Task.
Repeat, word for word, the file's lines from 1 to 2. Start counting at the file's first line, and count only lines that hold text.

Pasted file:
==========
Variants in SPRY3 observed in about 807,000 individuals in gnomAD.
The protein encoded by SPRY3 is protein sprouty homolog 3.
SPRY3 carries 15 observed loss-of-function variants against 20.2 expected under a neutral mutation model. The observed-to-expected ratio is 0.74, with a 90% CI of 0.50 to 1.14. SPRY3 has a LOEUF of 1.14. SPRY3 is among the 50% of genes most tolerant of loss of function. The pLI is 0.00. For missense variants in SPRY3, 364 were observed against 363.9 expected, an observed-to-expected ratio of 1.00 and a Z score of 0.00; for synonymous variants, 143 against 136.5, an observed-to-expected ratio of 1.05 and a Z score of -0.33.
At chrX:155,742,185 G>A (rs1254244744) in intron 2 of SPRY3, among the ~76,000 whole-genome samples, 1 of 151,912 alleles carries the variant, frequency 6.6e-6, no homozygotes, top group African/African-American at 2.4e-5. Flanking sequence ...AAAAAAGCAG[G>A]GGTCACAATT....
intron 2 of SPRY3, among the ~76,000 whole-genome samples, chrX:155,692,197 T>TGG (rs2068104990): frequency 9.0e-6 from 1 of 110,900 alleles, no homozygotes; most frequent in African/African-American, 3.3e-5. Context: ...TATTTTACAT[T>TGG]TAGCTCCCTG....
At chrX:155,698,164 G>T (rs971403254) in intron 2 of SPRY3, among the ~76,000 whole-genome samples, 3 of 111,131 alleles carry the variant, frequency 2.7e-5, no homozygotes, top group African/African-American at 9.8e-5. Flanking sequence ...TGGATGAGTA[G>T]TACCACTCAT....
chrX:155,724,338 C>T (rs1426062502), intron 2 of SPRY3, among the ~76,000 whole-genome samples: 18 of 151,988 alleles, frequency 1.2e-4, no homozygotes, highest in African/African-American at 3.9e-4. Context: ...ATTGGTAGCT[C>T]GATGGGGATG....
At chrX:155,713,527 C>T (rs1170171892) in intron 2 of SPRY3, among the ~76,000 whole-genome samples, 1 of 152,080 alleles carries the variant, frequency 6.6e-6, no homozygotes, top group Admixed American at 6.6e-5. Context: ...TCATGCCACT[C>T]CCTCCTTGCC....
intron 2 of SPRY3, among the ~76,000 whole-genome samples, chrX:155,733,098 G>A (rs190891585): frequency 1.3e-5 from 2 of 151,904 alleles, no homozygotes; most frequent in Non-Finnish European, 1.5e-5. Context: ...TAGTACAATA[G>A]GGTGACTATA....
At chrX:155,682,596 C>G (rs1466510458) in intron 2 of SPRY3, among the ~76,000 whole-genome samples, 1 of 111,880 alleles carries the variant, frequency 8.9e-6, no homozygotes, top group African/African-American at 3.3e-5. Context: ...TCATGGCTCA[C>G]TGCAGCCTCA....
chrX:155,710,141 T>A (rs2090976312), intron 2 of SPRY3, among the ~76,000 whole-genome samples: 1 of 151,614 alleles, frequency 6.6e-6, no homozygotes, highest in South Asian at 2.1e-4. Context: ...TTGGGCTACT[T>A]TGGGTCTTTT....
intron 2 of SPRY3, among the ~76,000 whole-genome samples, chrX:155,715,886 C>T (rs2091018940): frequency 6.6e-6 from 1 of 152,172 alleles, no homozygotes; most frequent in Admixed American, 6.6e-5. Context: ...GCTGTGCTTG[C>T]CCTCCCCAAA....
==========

Variants in SPRY3 observed in about 807,000 individuals in gnomAD.
The protein encoded by SPRY3 is protein sprouty homolog 3.